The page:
SophosLabs just published a new report on an intriguing but lesser-known part of the malware scene known as MyKings.
You probably haven’t heard of MyKings, mainly because it’s not ransomware and the gang isn’t currently slamming businesses up against the wall by demanding money, so it hasn’t made big enough waves to make the headlines.
In simple terms, MyKings is all about illicit Monero cryptomining, and at the current low price of Monero, our researchers estimate that on some days the crooks are only making about $300.
For all we know, MyKings might be little more than a sideline hobby for the people running it (albeit a hobby pulling in a quiet and untaxed $100,000 a year, of course).
Compared to the multimillion dollar extortions that some cybercrime gangs are demanding for ransomware recovery, it’s easy to write off malware like MyKings as unimportant and therefore not worth trying to learn from.
But that couldn’t be further from the truth, because the MyKings story gives a fascinating insight into a type of cybercrime that involves a huge amount of complexity, and has a surprising reach.
According to SophosLabs research, the MyKings crew:
- Currently have about 45,000 infected computers in their Monero-mining botnet, up from about 35,000 a year ago.
- Can upgrade their malware code on infected computers at will.
- Are using surprisingly sophisticated ‘rootkit’ tricks to get kernel access and to avoid detection.
- Also go after your local cryptocoin wallets.
- Employ a ‘fileless’ password stealing tool to crack passwords and spread on your network.
- Use the ETERNALBLUE exploit to spread.
- Kill off numerous security products or stop them loading at all.
- Get rid of rival cryptomining software and other programs of their choice.
- Rewrite your firewall rules to keep rival crooks out.
- Hide malware downloads inside innocent-looking images to complicate detection.
In other words, if you measure the threat of MyKings only in terms of the financial cost of its most obvious side effect, namely the electricity it steals to mine Monero…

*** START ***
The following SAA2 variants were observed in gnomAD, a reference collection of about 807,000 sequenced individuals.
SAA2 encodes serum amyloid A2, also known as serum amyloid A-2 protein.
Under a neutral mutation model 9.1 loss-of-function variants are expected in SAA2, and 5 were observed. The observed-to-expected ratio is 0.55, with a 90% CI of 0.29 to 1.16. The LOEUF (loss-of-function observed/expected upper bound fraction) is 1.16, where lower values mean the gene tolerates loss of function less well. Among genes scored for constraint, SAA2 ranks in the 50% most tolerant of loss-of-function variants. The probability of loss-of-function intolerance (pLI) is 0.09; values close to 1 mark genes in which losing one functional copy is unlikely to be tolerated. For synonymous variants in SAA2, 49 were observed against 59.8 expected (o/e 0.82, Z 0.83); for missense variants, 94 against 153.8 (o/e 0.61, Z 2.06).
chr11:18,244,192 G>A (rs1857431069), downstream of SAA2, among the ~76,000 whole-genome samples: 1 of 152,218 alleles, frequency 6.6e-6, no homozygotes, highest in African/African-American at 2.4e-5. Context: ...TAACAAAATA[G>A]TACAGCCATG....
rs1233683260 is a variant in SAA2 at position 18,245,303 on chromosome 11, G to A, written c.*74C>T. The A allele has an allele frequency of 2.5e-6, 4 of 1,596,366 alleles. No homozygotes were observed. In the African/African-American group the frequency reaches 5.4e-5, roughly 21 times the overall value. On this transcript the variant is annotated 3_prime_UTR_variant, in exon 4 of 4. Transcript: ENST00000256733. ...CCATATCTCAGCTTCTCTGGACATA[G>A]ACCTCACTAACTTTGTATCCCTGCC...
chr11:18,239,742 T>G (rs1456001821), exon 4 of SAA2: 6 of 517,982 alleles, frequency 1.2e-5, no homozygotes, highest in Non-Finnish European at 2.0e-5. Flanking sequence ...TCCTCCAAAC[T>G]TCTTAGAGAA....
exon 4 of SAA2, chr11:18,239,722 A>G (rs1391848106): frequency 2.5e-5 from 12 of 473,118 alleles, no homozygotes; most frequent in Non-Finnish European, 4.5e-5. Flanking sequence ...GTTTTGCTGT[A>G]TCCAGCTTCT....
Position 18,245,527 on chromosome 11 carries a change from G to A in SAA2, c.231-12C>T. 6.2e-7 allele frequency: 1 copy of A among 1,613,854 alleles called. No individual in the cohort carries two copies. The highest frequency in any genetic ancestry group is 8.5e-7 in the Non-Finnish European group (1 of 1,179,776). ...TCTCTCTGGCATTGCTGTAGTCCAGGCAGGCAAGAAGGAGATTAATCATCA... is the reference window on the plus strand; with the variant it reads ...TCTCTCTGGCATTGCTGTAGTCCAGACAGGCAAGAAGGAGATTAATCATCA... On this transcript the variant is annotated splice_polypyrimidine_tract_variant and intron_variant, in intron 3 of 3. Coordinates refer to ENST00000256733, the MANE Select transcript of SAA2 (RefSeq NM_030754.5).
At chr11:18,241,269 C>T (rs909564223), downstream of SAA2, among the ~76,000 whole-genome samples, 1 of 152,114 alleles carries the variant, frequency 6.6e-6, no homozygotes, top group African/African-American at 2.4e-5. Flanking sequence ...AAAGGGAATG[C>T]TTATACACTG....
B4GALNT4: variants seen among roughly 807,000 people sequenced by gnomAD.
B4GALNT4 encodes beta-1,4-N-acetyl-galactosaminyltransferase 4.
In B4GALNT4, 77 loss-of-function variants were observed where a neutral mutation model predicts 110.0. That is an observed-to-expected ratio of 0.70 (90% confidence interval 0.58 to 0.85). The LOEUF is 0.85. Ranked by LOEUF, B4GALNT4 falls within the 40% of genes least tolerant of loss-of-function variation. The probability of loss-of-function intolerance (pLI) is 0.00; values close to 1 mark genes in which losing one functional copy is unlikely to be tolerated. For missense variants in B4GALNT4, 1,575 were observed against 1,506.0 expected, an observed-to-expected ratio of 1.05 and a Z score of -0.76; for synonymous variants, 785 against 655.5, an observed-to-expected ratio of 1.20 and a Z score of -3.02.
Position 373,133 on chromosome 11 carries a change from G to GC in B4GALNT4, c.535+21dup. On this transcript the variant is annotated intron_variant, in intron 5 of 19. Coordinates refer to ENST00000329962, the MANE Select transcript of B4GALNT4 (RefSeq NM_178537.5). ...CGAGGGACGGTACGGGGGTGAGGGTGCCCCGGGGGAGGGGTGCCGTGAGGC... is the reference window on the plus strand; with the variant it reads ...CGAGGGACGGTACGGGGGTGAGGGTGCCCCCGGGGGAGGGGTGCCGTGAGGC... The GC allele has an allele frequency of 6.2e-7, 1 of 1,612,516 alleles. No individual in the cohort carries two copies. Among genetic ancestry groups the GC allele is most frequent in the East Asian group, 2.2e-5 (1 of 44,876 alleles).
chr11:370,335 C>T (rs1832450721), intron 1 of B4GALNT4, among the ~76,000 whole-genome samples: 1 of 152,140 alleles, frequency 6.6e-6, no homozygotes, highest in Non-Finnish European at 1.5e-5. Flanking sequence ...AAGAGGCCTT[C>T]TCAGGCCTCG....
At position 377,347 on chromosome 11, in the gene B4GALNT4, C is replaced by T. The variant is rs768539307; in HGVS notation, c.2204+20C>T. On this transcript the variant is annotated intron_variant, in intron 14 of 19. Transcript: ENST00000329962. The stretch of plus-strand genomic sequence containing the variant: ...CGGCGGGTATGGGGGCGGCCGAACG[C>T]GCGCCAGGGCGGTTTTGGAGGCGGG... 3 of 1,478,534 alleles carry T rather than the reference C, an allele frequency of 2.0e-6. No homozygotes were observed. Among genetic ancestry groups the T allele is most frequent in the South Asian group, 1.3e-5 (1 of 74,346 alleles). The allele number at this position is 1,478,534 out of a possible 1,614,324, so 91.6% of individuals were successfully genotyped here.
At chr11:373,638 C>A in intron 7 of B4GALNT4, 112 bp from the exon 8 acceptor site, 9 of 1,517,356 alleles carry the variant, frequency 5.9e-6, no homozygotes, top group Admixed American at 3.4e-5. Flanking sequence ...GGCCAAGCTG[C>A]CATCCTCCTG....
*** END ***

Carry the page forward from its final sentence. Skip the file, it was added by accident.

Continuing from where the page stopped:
…you’re missing a lot of vital lessons.
If the MyKings gang suddenly decided to give up on the cryptomining, for example, the flexible way in which their malware can reconfigure itself via the internet means that they could switch over to almost any other sort of malware-based cybercrime they liked.
Or they could just sell on their whole botnet, complete with auto-upgrade functionality, and who knows where your cybersecurity might go next?
Get the report
The MyKings report was produced by experienced and well-respected researcher Gabor Szappanos, also known as Szapi, whom many of our readers will already know from his previous research papers.
Szapi doesn’t just give you a detailed and informative review of how real-world multi-component malware operates and evolves.
He also tells the story in a way that helps you plan your defences well, and reminds you not to judge a malware book by its cover.
Read the paper now!
13 comments on “Hiding malware downloads in Taylor Swift pics! New SophosLabs report”
I have to admit, these computer viruses have come a long way from “AnnaKournikova.jpg.vbs”.
But the interesting thing that I question here is why doesn’t the JPG interpreter just stop once it sees the ‘End of JPEG’ marker? Could this be fixed by those software designers that create these image interpreters?